Review: THE GREAT MAGICIAN 大魔術師 (2012) | Casey's Movie Mania | Movie Reviews, Features & Others

Wednesday, 18 January 2012

Review: THE GREAT MAGICIAN 大魔術師 (2012)

Review: THE GREAT MAGICIAN 大魔術師 (2012)

Set in Northern China in the year of 1920s, the movie centres on a despicable warlord named General Bully Lei (Lau Ching-Wan) who uses the hypnotising skills of his butler, Liu Kunshan (Wu Gang), to recruit soldiers. Bully has seven wives altogether, but he particularly loves the seventh wife the most. Unfortunately, he has trouble trying to please her especially his seventh wife, Yin (Zhou Xun), whom he captured and grounded her at home, hates him a lot. Apparently, she misses her father, Liu Wanyao (Paul Chun) a lot, an elder magician who is actually being locked up somewhere by Liu Kunshan. It is learned that Kunshan wants Wanyao to reveal the whereabouts of a valuable scroll contains the magic formula of "7 Wonders". In the meantime, the mysterious Chang Hsien (Tony Leung Chiu-Wai), a popular magician who returns to his homeland after years travelling abroad. He buys a restaurant which is about to go bankrupt and converts it into a magic theatre. Within a short period of time, his string of magic shows quickly becomes an overnight sensation. Not only that, he is also cooperating with a band of rebels looking to kidnap General Bully Lei in exchange to release one of their senior officers. But apparently, he has a personal agenda of his own against Lei, as it is revealed that Lei's seventh wife, Yin, is actually his fiancee.

REVIEW: A refreshing change of pace from the usual thriller genre in which director Derek Yee often explored in the past (ONE NITE IN MONGKOK, PROTEGE, SHINJUKU INCIDENT, TRIPLE TAP), it's nice to see him loosen up a little and gets into the playful spirit in his latest effort, THE GREAT MAGICIAN. Mixing political intrigue, romance, buddy comedy, action, screwball humour and of course, a good deal of magic acts, this genre mishmash is fun if wobbly effort.

The plot crams with too many things going on in this movie, and it's no surprise that Yee, Chun Tin-Nam and Lau Ho-Leung's adapted screenplay (taken from Zhang Haifan's novel) is heavy-handed. There are times the pace is slacking and overlong (clocking at an unnecessary more than two hours length!).

Fortunately, the movie remains playful enough to warrant this as an entertaining effort. The cast is fun to watch for, with top-notch acting performances all around. Tony Leung Chiu-Wai, who is last seen in 2009's RED CLIFF II, is at ease playing the kind of suave gentleman he's always good at. A dashing performance nonetheless, even though one might gripe he is a bit old for tackling such role. He doesn't do much here other than displaying his trademark charm, but at least it's good he's letting loose after years of playing serious-minded roles. Lau Ching-Wan, in the meantime, is as goofy and spontaneous as ever. No doubt he and Tony Leung Chiu-Wai made an excellent comic pair, and they are certainly natural acting together after appearing against each other in the nihilistic thriller, THE LONGEST NITE (1998). Zhou Xun is alluring as usual, even though her character is undermined by the lack of developments. Supporting actors are similarly good, especially game performances by Wu Gang and Yan Ni, who plays General Lei's first wife. Even cameos with the likes of Daniel Wu, Alex Fong (in a rare comic performance) and Tsui Hark, are just as entertaining to watch for.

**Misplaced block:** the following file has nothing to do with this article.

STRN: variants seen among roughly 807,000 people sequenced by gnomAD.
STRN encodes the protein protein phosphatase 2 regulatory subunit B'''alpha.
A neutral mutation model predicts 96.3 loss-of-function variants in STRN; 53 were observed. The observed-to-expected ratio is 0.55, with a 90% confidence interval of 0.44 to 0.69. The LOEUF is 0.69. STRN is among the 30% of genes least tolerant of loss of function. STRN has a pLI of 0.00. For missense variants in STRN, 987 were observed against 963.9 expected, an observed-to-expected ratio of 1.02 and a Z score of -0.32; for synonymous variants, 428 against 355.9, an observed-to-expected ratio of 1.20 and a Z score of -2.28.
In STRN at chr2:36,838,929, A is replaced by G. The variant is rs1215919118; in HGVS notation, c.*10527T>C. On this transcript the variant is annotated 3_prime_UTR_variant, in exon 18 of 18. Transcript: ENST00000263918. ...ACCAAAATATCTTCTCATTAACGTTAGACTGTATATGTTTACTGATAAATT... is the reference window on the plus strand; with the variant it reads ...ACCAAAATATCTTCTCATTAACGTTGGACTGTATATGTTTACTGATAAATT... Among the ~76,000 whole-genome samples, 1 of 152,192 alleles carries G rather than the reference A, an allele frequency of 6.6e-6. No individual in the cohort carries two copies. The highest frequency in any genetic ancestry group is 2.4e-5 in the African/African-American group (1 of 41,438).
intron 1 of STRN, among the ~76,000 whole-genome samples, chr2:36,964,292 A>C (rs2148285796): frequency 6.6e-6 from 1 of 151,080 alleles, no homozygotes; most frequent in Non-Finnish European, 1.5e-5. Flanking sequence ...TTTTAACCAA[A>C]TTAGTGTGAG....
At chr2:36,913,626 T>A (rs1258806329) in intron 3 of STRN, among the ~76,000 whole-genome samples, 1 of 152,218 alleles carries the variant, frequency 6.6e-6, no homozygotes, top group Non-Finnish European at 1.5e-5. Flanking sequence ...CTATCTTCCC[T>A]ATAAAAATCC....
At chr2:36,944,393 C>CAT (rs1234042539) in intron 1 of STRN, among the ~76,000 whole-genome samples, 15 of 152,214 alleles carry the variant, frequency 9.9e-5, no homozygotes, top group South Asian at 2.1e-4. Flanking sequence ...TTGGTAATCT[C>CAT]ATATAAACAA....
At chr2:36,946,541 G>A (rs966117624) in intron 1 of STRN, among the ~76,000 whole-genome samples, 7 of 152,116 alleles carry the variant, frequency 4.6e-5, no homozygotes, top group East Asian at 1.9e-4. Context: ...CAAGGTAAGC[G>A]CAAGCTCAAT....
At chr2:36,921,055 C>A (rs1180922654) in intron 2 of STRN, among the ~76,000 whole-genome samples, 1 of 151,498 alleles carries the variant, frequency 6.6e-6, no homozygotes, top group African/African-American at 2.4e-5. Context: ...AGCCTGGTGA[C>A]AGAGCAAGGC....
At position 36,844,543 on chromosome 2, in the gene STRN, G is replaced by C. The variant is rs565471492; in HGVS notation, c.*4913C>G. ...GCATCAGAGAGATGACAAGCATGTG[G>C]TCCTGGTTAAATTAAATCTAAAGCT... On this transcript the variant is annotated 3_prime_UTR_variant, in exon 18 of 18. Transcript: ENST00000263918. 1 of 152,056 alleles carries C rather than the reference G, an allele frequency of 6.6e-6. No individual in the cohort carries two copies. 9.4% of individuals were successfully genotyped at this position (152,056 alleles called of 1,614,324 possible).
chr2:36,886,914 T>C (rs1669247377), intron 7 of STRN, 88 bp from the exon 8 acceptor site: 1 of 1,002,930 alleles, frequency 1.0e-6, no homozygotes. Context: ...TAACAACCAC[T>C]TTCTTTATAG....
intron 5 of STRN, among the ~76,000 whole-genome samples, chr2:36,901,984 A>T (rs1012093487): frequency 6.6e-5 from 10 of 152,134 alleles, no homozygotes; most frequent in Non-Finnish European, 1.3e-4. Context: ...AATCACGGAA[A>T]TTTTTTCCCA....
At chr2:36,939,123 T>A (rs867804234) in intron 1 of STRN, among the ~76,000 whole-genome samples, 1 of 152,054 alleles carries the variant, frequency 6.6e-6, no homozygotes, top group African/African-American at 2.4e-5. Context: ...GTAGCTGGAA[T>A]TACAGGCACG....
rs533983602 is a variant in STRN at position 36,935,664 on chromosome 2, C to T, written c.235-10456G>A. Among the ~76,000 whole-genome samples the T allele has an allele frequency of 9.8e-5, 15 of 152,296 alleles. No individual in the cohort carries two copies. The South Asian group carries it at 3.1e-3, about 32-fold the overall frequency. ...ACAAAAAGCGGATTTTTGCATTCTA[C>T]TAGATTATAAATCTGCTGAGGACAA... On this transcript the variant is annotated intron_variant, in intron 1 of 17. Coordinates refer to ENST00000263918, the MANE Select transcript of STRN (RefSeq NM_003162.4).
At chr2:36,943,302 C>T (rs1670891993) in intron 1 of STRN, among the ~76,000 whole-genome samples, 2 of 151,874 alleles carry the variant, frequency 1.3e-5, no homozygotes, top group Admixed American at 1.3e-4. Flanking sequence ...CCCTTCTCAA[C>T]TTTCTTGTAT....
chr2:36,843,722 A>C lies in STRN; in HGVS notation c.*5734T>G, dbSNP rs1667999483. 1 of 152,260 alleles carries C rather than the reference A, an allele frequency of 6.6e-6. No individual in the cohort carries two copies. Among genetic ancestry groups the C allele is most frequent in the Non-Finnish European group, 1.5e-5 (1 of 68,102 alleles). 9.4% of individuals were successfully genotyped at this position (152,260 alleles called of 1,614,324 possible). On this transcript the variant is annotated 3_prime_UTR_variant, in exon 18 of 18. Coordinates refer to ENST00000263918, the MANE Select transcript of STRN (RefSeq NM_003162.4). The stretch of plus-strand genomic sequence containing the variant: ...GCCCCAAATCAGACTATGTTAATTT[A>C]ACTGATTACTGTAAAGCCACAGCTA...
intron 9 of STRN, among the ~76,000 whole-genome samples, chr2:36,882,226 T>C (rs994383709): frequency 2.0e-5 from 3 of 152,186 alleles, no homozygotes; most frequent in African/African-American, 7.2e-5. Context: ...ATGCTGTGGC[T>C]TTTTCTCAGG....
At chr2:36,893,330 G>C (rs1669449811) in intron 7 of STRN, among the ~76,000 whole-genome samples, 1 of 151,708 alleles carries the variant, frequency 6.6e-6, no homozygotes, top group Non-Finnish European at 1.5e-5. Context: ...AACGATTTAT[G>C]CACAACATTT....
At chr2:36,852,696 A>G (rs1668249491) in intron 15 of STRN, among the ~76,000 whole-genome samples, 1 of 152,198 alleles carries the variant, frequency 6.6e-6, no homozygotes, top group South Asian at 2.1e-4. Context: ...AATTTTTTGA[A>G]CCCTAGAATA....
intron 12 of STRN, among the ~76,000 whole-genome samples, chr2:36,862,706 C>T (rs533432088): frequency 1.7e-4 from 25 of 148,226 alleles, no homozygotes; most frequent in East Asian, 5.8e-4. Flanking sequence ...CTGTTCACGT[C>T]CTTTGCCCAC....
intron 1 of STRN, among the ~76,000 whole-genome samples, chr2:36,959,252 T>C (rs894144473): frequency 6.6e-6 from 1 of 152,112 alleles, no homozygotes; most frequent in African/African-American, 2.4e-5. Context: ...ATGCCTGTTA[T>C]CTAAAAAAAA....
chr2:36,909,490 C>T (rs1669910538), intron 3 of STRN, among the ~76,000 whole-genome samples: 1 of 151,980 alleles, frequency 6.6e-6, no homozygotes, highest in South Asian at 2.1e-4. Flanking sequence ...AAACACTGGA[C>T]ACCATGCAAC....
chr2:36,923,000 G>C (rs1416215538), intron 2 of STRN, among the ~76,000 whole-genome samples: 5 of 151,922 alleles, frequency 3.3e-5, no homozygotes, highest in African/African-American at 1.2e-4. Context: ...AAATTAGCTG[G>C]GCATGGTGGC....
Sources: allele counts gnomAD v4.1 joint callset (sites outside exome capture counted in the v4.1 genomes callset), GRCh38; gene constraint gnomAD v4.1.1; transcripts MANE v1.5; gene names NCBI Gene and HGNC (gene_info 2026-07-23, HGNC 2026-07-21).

Apart from a game cast, the movie is also benefited from its dazzling magic acts as well as it stylistic sleight-of-hand, which is convincingly performed by Tony Leung Chiu-Wai while the visual effects used here are surprisingly good enough for a Chinese movie production. All the technical credits are equally lavish and colourful. Right toward the end, Stephen Tung Wai's action choreography has it's few noteworthy if surprisingly short moments which involves an all-out fight scene on the streets (in one hilarious scene, General Lei defends himself in a sword fight using a pair of roast ducks as weapons). It's just too bad the ending itself is overall a letdown. I mean, you would have expected a better payoff after so many mischievous things going on earlier.

THE GREAT MAGICIAN is hardly Derek Yee's best effort, but at least it's notable enough that viewers and die-hard fans who have previously disappointed with his back-to-back disappointments, SHINJUKU INCIDENT and TRIPLE TAP, will most probably find this a sigh of relief.

A refreshing change of pace from the usual thriller movies, Derek Yee's THE GREAT MAGICIAN is uneven but playful genre mishmash of political intrigue, romance, buddy comedy and magic.

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